Instead of being rushed to the nearest hospital, an ambulance may, in future, take an accident victim to one that is better equipped and staffed to deal with the injury.
This means patients will be directed to accident and emergency departments or trauma centres on the extent of their injuries, as well as the capabilities of the hospital.
This is one of the models that a working committee, tasked with improving the trauma management system here, is exploring as it prepares to put its recommendations by the middle of the year to the Ministry of Health.
Dr Chiu Ming Terk, chairman of the National Trauma Committee, said Singapore has relied on the current system of sending a victim to the nearest hospital for years. “And we realised that may not be the best system for the country,” he added.
The trauma surgeon was speaking to The Sunday Times ahead of the 7th Singapore Trauma Conference that started yesterday. He said concentrating severe trauma cases, such as pelvic fractures and spinal cord injuries, to a few hospitals can help staff there build valuable experience and expertise.
The United States, for example, has a five-tier system, where critically wounded patients are sent to a Level 1 trauma centre, which provides the highest level of surgical care. Level 5 centres, the lowest on the scale, may only be able to help stabilise a patient.
Dr Chiu said that the committee is taking a cue from developed places such as the US and Hong Kong, where the tiered system is well-established and shown to have increased the survival rate of severely injured patients.
Experts like Professor Andrew Peitzman, the University of Pittsburg Medical Centre’s vice-president for trauma and surgical services, say studies show it “probably doesn’t matter” which trauma centre a patient with minor injuries is sent to. “But when you have a bad head injury, that’s when (survival) depends on going to the hospital that does a lot of (severe trauma)... You want one hospital that can take care of everything,” he said.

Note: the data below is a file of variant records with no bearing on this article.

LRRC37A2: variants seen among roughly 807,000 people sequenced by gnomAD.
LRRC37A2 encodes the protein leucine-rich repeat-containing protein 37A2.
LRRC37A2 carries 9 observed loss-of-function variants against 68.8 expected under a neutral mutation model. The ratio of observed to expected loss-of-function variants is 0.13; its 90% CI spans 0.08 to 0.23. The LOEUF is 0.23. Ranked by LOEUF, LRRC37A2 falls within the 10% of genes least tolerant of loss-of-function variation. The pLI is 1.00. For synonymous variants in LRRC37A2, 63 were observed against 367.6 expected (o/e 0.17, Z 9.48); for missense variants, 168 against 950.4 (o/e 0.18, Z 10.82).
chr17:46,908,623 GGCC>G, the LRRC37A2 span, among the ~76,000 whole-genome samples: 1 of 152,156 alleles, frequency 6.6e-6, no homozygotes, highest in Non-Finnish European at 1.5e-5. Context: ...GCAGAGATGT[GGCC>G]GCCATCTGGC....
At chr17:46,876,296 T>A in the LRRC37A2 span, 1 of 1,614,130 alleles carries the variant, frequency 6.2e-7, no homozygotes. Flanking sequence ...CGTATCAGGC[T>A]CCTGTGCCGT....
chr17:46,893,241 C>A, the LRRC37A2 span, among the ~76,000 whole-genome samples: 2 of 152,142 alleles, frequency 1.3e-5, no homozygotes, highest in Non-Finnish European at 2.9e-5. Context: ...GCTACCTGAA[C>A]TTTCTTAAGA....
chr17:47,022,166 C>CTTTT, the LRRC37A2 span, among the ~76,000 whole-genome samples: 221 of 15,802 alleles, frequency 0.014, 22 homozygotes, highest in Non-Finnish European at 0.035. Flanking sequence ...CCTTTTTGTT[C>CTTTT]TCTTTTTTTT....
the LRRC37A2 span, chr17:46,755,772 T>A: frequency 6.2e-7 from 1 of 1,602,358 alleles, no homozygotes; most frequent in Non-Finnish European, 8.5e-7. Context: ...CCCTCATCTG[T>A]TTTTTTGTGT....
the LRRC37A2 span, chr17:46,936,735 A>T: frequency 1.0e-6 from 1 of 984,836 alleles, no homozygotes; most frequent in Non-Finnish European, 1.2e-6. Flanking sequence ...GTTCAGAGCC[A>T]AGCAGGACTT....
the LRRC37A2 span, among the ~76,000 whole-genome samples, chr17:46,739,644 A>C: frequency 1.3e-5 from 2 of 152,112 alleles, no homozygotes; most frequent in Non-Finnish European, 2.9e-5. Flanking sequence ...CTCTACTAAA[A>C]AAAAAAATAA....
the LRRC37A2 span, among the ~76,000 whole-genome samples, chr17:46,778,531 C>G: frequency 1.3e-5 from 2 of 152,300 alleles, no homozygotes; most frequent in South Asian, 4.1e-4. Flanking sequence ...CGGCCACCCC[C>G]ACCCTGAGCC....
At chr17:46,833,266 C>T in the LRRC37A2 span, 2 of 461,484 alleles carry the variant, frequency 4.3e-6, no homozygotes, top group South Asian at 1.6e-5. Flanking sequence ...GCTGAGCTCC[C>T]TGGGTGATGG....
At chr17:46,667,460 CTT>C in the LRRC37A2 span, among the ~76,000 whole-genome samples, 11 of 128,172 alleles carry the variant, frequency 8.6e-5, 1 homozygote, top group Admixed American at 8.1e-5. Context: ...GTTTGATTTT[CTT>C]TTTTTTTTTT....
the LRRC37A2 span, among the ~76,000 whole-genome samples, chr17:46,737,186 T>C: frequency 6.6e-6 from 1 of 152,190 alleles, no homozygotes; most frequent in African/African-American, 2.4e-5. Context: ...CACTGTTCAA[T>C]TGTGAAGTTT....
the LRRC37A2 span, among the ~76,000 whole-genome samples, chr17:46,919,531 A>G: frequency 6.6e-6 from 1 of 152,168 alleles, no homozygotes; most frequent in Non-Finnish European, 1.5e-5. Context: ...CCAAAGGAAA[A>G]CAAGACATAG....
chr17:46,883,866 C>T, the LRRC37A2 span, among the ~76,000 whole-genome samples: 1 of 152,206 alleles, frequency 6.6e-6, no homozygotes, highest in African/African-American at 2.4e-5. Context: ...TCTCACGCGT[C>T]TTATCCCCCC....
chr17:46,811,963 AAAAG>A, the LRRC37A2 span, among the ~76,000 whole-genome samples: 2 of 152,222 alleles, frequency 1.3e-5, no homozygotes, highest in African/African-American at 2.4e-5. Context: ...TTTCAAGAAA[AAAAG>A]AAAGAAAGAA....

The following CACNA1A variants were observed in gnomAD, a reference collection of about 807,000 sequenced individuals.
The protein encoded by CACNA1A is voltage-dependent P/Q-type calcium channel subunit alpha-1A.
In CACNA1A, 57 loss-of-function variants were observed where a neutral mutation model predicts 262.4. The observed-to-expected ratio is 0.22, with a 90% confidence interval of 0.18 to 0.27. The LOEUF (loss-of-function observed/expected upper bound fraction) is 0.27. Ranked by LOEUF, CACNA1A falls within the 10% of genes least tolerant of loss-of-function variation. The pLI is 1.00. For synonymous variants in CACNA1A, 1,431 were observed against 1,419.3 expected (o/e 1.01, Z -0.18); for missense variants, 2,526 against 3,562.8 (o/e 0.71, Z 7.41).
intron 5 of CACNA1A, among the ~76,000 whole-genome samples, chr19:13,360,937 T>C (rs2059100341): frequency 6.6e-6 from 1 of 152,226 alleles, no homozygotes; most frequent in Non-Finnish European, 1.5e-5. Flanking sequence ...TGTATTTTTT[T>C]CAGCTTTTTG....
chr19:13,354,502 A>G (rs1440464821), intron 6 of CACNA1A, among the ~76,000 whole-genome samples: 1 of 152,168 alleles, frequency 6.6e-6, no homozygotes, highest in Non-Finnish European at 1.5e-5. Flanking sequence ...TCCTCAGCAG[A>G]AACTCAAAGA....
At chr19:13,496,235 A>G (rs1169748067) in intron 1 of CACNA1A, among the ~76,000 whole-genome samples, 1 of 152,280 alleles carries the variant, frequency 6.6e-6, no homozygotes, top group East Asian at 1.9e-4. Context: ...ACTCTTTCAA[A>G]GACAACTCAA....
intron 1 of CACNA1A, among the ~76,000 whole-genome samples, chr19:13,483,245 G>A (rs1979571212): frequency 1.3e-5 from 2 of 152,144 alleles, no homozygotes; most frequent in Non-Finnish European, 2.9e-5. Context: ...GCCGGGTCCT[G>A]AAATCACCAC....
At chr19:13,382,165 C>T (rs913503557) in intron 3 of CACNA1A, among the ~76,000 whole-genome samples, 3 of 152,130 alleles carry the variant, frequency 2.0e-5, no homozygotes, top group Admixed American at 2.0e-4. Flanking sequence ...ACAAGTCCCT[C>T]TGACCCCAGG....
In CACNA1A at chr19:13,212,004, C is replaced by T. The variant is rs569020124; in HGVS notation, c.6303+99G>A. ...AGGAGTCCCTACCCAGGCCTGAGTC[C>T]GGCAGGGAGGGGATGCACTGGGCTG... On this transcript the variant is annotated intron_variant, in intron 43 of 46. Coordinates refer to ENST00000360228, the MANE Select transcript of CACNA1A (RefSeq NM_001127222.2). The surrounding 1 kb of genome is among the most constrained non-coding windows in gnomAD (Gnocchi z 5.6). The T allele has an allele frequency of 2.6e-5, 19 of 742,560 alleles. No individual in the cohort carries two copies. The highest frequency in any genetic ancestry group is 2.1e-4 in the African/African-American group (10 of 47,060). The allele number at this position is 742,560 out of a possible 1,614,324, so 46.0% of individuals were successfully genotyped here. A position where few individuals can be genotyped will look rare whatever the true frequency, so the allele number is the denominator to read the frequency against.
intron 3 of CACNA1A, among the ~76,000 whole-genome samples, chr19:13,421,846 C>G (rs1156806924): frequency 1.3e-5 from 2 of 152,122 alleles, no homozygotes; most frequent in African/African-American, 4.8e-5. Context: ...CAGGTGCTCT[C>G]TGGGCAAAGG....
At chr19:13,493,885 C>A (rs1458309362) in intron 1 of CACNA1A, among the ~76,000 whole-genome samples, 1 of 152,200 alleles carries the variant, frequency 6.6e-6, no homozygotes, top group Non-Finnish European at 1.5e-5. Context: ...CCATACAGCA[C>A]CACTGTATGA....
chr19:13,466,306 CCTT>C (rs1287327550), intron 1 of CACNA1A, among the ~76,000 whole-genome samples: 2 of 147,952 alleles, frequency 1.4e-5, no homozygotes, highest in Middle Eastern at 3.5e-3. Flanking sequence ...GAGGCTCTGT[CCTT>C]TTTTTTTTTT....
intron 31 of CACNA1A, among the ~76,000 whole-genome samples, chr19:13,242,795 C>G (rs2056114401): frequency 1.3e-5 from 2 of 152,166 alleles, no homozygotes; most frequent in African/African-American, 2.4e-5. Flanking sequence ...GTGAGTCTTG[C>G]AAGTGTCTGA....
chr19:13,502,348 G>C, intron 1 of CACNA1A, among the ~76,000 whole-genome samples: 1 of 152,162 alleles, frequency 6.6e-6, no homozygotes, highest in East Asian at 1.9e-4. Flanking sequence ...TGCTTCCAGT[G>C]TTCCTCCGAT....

The tiered system also consolidates the most crucial resources at a few locations, making the system more efficient, Prof Peitzman said.
All public hospitals here generally meet standards equivalent to that of a US Level 3 trauma centre. But some can improve in areas such as training and rehabilitative service, said the Ministry of Health’s director of medical services, Professor K. Satku, at the conference at Tan Tock Seng Hospital yesterday.
“Probably 80 to 90 per cent of trauma cases can be managed by hospitals meeting minimum standards, but we feel there is at least 10per cent of trauma that will require hospitals with greater capabilities and that is what we are trying to work towards,” added Dr Chiu.
Debate over this issue swirled last May when some argued that the victims of a Ferrari crash on Rochor Road should have been taken to the nearby Raffles Hospital instead of the Singapore General Hospital and Tan Tock Seng Hospital.
A group of top experts, including Dr Chiu, later came out to say paramedics did the right thing, as those were the nearest fully equipped hospitals. Dr Chiu added: “With a tiered system, any criticism of that can easily be explained.”